Historically, when there was a Low Countries frontier at all, the Dutch-Belgian border was always leaky. The Fifties and Sixties saw a “bitter battle” for customs officers when Dutch gangs began smuggling butter southwards. The Dutch, who had commercialised margarine, weren’t bothered about what they spread — but the Belgians demanded butter, which cost twice as much. Stuffing it into the back of American trucks, armed butter smugglers traded it over the border until it was no longer profitable. Then came the illegal drugs. By 2015, a peninsula in the River Maas had become a top crossing point for drug smugglers. It was impossible to police, so Belgium gave it back to the Netherlands.

The criminals here speak the same language and exploit the free travel. “It’s a historical thing, that Belgium and the Netherlands work together, and they misuse the border,” says Prof Colman. “For example, in the case of synthetic drug production, you have the drug production facility in Belgium and then the dumping in the Netherlands… The border between Belgium and the Netherlands is a bottleneck for criminal justice, and an opportunity to be invisible and expand territory for the criminal organisation.” When one of her research team went into prisons to interview people convicted of producing or smuggling drugs, they said they saw Antwerp and Rotterdam “as one port” — all that mattered was which contacts they had on the inside. So when Rotterdam increased fines last year for people trespassing in the harbour to collect drugs hidden in shipping containers, the smugglers could easily shift to Antwerp. “The criminal organisations also take advantage of the difference in jurisdictions,” points out Joris van der Aa, crime reporter for the Gazet van Antwerpen.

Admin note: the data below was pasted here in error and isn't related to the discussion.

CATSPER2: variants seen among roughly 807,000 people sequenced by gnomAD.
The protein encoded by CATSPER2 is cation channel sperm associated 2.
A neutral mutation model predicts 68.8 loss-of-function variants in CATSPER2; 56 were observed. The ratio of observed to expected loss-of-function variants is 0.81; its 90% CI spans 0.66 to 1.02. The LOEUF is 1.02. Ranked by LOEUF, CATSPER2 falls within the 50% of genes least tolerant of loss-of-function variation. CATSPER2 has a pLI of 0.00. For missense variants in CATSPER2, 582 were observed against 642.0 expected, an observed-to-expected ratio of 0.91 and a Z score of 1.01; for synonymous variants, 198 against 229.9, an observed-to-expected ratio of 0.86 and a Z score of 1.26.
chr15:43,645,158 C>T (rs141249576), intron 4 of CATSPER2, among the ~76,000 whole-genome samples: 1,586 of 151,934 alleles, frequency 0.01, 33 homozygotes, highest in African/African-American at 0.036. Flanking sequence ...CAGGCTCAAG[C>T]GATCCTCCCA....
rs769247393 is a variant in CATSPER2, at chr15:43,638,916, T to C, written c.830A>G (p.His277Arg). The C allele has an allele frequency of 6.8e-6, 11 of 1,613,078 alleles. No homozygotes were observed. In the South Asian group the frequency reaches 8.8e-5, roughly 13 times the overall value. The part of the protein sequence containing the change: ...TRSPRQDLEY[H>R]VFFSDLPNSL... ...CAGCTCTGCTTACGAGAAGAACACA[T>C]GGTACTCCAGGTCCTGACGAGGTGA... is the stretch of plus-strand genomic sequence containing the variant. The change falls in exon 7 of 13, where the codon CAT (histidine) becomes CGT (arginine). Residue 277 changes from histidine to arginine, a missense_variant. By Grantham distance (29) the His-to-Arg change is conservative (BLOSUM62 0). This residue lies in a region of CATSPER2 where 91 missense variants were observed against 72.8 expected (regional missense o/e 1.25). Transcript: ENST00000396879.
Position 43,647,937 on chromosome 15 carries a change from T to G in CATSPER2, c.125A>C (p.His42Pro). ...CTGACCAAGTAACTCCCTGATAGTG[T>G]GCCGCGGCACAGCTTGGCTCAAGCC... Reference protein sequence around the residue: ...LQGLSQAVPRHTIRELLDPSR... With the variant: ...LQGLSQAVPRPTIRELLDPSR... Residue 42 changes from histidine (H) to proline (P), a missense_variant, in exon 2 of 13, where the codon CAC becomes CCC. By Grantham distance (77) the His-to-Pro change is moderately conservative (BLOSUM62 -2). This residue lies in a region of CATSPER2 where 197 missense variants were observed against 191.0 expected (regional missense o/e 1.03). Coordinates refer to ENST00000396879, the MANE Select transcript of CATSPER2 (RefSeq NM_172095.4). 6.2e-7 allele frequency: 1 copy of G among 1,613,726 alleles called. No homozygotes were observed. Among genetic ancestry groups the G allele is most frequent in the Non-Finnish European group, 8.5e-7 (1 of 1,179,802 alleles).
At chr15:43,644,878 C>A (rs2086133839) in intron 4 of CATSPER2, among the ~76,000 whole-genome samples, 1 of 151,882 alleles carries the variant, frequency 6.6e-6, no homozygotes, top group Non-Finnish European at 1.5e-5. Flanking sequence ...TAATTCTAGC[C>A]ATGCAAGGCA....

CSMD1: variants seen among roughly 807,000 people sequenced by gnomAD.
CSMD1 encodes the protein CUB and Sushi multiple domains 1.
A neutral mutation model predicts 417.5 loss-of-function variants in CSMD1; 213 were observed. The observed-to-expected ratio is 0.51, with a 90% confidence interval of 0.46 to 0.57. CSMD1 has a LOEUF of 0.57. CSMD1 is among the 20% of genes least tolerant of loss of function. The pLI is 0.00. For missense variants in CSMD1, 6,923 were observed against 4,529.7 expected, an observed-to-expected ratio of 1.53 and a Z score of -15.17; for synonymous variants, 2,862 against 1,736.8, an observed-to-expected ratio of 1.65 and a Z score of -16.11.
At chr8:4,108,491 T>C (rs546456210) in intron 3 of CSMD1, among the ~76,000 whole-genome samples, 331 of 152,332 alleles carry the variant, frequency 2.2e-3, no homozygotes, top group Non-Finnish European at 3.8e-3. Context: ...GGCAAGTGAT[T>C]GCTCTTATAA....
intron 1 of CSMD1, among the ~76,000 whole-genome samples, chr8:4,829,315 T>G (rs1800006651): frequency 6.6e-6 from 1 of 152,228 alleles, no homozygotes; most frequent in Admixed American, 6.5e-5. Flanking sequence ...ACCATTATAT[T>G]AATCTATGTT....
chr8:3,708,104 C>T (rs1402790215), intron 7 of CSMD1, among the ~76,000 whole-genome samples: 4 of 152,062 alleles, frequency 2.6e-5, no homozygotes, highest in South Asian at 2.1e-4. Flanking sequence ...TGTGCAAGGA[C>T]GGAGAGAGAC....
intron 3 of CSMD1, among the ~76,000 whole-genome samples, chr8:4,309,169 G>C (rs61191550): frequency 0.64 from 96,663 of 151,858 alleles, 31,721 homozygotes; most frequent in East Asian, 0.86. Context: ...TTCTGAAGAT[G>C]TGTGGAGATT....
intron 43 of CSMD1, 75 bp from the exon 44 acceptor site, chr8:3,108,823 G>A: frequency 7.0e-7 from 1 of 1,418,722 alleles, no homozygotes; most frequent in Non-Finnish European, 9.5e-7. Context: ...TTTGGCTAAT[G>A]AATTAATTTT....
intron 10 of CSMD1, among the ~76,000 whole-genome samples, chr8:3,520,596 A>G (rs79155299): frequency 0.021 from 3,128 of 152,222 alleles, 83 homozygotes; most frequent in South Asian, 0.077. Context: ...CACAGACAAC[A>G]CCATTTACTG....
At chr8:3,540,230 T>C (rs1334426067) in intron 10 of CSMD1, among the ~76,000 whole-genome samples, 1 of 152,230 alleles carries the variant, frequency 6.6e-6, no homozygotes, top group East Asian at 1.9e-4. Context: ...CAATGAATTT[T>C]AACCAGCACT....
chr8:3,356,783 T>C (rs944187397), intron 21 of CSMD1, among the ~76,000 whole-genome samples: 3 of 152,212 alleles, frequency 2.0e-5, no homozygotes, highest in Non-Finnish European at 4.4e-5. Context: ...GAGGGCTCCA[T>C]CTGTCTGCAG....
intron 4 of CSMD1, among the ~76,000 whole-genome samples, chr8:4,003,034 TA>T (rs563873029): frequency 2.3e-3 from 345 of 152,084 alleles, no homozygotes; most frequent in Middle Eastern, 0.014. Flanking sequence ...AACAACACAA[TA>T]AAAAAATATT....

Researchers believe most of the cocaine coming to Belgium goes to the Netherlands, and police hacks of “secure” messaging services — key to arresting suspects Ridouan Taghi and Saïd Razzouki in the ongoing Dutch Marengo gang trial — have revealed the inner workings of this relationship. “Initially with the Belgian-Dutch criminal networks, the [Dutch] were mostly involved in the higher level: logistics, the financial organisation,” says Prof Colman. “But today we notice that Belgians have gone up the chain, including controlling and organising the smuggling. They are not only working for Dutch people: Dutch people could be working for them as well. We see an expansion in the criminal networks, and we also see a kind of shift with people from Belgium picking up the lead role as well.”

The cocaine trade is particularly streamlined, and the European market price of €50 a gram remains stable despite the amounts intercepted. Cunningham at the EMCDDA says: “When I ask law enforcement what they think the interception rate is, sometimes they say 10%, sometimes they say 25%.” Even if 40% were intercepted, it may still be worthwhile for criminals — like self-service tills in supermarkets, which accept a certain level of theft as “shrinkage” in exchange for lower staff costs. This is also a story, after all, about trade: a battle between the trade of the criminals supplying European demand for drugs, and “legitimate businesses” whose infrastructure networks they piggyback. When a company’s ships bring perishable goods to a new harbour like Vlissingen instead of Antwerp, says Van der Aa, the cocaine follows.